“Humans follow the path of least resistance,” says Georgieva. “It’s important that nutritious foods are easily accessible when you’re most vulnerable.”

Keep in mind that snacks with healthy protein, fiber and fat will make you last longer. For example, an apple with string cheese, wholemeal cookies with turkey and hummus, or a yogurt with flax seeds and blueberries are satisfying combos.

woman eating salad, glass of water and phone on table

Here’s an easy-to-try habit: Start your lunch and dinner with a high-fiber salad and a glass of water. That way, you’re less likely to indulge in the rest of your meal.

“This can help you eat fewer calories overall without feeling hungry,” he says Dana Ellis Hunnes, PhD, RDa senior clinical dietitian at UCLA Medical Center and author of Recipe for survival.

A 2008 study in Journal of the American Dietetic Association found that obese older adults who drank two cups of water before breakfast consumed 13% fewer calories during meals than those who did not drink water before. In addition, a 2011 study a Obesity found that dieters who drank water before three meals for 12 weeks lost about five pounds more than dieters who did not increase their water intake.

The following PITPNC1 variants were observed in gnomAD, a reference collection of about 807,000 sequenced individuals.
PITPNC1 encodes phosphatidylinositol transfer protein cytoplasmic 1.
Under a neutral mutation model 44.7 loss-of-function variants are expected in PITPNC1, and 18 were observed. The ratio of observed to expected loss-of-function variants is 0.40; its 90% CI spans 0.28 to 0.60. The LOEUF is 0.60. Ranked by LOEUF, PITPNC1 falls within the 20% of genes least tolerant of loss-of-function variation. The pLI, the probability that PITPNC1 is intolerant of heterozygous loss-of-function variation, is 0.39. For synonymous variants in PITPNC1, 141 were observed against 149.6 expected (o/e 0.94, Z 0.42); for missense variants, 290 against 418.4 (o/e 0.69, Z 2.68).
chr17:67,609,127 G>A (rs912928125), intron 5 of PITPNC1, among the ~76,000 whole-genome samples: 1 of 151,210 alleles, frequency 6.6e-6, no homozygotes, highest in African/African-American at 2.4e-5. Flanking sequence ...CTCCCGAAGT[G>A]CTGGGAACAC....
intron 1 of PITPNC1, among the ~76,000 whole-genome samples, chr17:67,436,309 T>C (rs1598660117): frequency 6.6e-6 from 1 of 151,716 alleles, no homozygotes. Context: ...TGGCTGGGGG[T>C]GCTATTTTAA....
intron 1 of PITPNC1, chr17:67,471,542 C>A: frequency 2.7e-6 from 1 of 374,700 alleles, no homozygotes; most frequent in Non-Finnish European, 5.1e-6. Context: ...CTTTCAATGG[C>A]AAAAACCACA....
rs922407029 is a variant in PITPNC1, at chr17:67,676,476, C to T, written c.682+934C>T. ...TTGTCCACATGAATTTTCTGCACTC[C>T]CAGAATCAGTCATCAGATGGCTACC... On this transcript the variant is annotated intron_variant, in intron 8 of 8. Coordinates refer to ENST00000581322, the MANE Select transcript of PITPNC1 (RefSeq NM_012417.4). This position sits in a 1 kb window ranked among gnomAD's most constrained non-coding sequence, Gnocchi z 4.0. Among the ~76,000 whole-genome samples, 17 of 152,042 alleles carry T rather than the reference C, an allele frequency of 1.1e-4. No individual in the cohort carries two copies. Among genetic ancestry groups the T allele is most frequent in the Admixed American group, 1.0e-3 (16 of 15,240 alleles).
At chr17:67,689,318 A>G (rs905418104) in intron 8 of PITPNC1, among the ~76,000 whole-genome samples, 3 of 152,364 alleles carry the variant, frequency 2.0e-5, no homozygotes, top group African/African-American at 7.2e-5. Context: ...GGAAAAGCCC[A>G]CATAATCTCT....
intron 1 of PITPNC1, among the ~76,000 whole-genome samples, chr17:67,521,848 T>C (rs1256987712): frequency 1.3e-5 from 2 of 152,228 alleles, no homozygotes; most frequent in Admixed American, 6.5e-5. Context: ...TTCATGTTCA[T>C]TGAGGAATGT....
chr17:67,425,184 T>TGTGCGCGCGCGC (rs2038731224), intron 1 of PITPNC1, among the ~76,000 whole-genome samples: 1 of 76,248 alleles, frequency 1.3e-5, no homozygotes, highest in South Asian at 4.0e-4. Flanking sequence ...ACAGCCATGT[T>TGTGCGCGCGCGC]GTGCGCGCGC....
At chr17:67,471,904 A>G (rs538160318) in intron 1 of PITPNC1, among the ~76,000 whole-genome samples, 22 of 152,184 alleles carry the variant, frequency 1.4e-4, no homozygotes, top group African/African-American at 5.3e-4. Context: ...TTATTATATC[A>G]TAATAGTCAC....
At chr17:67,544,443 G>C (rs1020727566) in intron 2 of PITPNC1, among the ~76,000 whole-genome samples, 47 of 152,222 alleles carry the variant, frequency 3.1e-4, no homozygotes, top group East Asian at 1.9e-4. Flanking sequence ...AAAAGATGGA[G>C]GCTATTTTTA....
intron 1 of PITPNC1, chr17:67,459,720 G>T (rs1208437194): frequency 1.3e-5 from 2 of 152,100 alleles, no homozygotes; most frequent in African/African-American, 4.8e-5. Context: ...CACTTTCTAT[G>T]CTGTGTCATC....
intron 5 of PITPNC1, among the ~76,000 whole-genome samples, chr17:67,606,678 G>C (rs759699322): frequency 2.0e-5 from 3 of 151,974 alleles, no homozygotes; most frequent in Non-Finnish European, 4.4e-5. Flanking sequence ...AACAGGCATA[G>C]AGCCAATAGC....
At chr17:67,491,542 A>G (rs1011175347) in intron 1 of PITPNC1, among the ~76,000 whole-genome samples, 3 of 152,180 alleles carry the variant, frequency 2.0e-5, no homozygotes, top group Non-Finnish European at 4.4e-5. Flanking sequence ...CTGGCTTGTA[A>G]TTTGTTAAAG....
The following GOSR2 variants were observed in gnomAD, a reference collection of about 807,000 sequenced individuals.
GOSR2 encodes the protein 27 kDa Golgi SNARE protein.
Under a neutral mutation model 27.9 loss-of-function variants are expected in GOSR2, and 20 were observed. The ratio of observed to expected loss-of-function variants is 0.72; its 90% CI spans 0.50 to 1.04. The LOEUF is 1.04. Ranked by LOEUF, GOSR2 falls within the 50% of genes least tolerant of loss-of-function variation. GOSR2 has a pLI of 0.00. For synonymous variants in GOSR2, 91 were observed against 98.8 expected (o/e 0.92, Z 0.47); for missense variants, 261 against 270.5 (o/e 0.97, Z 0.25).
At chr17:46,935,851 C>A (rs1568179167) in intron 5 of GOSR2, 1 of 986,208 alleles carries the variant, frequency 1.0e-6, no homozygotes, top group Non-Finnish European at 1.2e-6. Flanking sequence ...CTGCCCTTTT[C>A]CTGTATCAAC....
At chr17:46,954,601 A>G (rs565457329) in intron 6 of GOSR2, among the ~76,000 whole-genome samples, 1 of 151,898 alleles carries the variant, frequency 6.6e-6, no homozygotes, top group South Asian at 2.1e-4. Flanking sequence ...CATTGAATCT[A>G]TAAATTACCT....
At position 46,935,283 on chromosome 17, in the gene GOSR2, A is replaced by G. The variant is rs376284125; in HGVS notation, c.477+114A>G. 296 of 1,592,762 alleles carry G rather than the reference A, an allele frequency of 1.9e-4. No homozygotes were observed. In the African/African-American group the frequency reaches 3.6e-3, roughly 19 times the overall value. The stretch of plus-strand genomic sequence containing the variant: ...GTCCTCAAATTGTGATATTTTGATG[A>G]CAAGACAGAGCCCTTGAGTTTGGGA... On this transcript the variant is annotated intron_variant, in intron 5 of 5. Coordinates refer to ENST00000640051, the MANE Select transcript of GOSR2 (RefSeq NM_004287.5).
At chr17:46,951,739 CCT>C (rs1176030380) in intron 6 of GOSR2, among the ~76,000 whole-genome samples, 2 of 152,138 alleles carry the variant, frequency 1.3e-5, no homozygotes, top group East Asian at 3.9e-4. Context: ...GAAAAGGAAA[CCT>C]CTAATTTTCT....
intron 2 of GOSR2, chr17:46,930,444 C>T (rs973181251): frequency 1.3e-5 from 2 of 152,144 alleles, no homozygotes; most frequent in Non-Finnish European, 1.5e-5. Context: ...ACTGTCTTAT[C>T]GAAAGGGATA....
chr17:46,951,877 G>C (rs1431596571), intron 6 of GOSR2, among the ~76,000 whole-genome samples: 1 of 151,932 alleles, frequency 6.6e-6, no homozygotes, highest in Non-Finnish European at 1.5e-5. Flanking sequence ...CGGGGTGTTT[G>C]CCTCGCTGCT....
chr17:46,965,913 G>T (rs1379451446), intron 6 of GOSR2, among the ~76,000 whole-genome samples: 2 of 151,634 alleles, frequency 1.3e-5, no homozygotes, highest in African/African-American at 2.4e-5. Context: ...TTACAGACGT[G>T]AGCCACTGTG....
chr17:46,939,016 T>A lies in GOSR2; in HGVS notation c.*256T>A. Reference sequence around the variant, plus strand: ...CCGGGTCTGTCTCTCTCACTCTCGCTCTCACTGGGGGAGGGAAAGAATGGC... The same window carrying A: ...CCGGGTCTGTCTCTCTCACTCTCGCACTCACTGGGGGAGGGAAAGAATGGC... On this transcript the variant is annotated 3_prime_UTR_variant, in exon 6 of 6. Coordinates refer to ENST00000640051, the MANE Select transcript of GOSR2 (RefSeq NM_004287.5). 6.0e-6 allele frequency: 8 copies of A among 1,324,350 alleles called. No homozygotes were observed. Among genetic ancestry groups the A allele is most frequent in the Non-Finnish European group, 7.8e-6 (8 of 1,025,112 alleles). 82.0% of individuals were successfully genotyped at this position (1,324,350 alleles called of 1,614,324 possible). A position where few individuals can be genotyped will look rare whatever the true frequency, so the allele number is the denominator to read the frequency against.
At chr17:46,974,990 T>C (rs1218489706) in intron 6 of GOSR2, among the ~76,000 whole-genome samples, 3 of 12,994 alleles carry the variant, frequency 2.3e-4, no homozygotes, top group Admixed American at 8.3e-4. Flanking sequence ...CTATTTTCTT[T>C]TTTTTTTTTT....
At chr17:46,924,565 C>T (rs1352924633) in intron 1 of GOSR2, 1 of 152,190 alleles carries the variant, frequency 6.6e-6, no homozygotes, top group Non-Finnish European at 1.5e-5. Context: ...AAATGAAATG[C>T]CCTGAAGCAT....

Dr. Hunnes recommends eating a salad consisting of two cups of vegetables and a light vinaigrette with about a tablespoon of olive oil.

quick dinner chicken sweet potato spinach

If there’s one macronutrient you should definitely prioritize for weight loss, it’s protein.

“Protein can make you feel fuller and fuller than carbs and fats,” says McKinney. “Often, the more protein you eat at meals, the less cravings you will experience. It’s the best kept secret to losing weight without feeling deprived. Most of the time, those who increase protein intake will inadvertently reduce their intake of starches, sugars. “It also stabilizes blood sugar and energy levels, helps support detoxification, and is needed to recover from workouts.”

As a general rule, Broihier recommends adding about 20 grams to each meal and 10 grams to each snack. But if it helps to have a visual pattern to follow, McKinney says a palm-sized portion of protein is enough. For example, this may look like a chicken breast or a salmon fillet, two eggs, or a closed fistful of chickpeas.

RELATED: 9 best protein-rich snacks for quick weight loss

eat healthy

One of the main causes of overeating is not being present during meals. When you’re on the phone or watching TV, you may catch food that is so greasy that it doesn’t give your body a chance to register when it’s really full.

That’s why Dr. Hunnes advises putting conscious eating into practice. This involves slowing down and really tuning all your senses while eating a meal or snack. It’s also a good idea to try to eliminate distractions while eating so that you can more easily recognize your signs of fullness.

“Pause for a minute or two in half to check your hunger level,” Broihier says. “People who practice this are often surprised to learn that they really feel satisfied with less food than they thought. Many times we end up automatically and without thinking about what we have on our plates.”